It’s easy to dismiss Webvan, Global Crossing, and the others as examples of dotcom-era excess. But keep in mind. These were all great ideas for businesses at the time, and they’re great ideas for businesses now. But there’s nothing that says that early movers will succeed for several years, or that they are structured to last, or that they won’t be upended by a competitor.
We should think about IPOs like draft picks in sports. Every year, a group of hotshots come along that have the same type of statistics, build, and performance metrics that current all-starts possess. But those same guys also possess the same type of statistics, build, and performance metrics of players who never made a game-day roster, or who got cut in training camp, or who were middling performers for a few years.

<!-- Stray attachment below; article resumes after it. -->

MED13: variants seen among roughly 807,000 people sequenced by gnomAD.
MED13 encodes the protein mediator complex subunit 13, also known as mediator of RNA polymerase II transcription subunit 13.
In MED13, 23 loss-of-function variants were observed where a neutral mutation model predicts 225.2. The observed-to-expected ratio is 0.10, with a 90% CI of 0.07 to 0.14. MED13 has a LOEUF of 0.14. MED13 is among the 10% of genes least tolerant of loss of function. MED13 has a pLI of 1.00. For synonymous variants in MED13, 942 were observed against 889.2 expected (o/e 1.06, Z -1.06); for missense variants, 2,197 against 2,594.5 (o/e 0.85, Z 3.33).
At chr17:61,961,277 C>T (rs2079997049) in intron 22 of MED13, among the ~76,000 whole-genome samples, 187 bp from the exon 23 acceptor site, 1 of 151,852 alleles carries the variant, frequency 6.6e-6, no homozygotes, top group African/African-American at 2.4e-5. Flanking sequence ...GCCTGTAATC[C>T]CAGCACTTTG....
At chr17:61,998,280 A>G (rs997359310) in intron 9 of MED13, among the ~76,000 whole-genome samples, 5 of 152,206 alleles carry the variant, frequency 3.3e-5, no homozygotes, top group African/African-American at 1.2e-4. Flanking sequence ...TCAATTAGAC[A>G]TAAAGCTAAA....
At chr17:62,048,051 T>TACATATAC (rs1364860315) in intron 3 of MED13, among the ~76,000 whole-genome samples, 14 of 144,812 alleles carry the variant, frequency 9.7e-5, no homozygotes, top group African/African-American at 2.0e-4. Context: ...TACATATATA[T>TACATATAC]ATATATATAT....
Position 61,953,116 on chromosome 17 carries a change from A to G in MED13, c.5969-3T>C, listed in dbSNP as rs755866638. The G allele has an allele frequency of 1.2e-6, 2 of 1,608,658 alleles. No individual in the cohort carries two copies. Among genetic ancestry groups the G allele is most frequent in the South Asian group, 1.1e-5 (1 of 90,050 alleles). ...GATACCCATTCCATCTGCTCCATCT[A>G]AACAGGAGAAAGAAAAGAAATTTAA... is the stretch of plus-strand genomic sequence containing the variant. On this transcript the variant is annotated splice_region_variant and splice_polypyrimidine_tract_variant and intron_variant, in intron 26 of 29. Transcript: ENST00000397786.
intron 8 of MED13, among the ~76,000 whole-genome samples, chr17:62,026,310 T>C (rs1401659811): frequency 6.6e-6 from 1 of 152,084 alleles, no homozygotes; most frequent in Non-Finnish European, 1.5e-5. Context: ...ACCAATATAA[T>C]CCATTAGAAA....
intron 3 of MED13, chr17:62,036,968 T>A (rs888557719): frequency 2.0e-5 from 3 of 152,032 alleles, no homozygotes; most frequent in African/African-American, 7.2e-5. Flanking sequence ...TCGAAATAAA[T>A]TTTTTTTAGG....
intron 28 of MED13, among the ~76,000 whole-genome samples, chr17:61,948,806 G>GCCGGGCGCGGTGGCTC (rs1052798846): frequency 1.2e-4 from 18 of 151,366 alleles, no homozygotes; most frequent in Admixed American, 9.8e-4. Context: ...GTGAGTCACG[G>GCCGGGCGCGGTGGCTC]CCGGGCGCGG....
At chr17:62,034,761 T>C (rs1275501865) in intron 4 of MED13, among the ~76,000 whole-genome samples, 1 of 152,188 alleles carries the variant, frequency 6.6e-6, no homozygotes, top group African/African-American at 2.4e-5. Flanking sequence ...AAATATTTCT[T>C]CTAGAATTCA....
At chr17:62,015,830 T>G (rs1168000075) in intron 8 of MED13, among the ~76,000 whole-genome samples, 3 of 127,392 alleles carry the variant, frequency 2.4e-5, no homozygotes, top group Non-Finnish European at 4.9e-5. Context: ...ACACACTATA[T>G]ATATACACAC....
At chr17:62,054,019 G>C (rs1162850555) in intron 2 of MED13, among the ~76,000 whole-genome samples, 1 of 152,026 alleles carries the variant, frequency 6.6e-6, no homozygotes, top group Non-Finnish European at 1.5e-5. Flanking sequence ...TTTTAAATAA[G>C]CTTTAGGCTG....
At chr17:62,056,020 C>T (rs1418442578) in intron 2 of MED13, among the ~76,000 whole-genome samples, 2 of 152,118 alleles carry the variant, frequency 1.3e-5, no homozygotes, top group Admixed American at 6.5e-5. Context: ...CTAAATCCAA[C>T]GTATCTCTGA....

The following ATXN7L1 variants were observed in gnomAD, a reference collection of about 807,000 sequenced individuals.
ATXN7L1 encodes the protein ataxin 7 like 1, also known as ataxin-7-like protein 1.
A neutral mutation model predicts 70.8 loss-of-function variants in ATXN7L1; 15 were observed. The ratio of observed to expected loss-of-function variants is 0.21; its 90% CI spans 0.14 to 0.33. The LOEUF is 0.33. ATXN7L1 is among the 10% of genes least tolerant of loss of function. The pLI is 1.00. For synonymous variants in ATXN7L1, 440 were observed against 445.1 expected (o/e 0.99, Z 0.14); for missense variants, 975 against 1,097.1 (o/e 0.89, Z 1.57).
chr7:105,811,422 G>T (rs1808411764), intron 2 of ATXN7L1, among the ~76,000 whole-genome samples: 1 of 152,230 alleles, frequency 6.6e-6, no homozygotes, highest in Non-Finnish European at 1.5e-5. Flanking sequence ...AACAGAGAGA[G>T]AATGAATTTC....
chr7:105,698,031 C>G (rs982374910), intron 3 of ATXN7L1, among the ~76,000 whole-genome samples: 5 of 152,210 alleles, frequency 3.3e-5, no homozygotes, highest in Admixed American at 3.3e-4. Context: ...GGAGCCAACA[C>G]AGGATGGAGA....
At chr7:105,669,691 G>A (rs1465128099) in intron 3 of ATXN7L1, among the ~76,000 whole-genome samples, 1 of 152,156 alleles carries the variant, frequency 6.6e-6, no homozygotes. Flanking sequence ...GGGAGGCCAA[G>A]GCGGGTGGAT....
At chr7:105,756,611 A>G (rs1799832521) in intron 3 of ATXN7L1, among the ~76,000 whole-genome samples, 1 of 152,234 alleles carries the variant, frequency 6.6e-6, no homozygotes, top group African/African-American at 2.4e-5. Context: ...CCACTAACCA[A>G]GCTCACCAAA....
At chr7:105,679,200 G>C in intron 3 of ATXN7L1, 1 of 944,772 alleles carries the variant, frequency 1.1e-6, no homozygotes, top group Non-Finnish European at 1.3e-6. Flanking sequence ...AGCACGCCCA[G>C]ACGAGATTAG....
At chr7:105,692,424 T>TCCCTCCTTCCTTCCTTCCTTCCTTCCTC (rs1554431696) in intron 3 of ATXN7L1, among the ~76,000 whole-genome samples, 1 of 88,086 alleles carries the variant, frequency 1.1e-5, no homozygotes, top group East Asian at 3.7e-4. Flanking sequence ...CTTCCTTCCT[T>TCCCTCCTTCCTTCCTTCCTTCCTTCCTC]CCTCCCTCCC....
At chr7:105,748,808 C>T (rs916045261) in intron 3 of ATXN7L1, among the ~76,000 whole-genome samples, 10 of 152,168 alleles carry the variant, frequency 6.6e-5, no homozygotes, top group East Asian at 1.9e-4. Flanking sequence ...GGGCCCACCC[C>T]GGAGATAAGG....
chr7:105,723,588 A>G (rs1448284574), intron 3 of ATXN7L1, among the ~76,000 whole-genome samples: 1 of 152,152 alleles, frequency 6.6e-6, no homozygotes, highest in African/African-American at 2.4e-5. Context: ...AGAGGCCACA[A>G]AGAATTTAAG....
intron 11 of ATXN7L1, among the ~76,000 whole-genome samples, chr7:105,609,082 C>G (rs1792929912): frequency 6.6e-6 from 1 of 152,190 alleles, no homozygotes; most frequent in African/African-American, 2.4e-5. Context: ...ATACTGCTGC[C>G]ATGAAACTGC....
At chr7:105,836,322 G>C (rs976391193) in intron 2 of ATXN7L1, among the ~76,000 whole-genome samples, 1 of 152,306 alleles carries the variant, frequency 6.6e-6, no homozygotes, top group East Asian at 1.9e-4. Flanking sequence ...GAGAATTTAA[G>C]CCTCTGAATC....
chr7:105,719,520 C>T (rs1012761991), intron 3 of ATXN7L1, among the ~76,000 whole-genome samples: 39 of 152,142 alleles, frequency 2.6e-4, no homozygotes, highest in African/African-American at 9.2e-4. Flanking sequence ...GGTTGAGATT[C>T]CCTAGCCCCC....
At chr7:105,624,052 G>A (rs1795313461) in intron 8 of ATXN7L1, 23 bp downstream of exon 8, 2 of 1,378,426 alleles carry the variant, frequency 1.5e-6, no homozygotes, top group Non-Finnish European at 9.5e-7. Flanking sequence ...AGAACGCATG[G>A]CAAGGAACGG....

So, yes, Twitter possesses the explosive growth, the impressive user numbers, and the media-love that Google and Facebook have. But its profile is also similar to companies that haven’t quite made it. It’s not profitable, the business strategy is unclear, it relies totally on the difficult business of digital advertising for revenue. I love Twitter and use it a lot. But I also think it’s pretty messy and random, and I can’t recall having clicked on a marketing message.
This is how business works. For every Facebook, there’s a MySpace. In fact, given the way our system funds multiple competitors in similar fields, there are several MySpaces for every Facebook. For every LinkedIn, there’s a Friendster. And so as we congratulate Twitter on its well-deserved success and its boffo IPO, let’s be aware of the biases at work.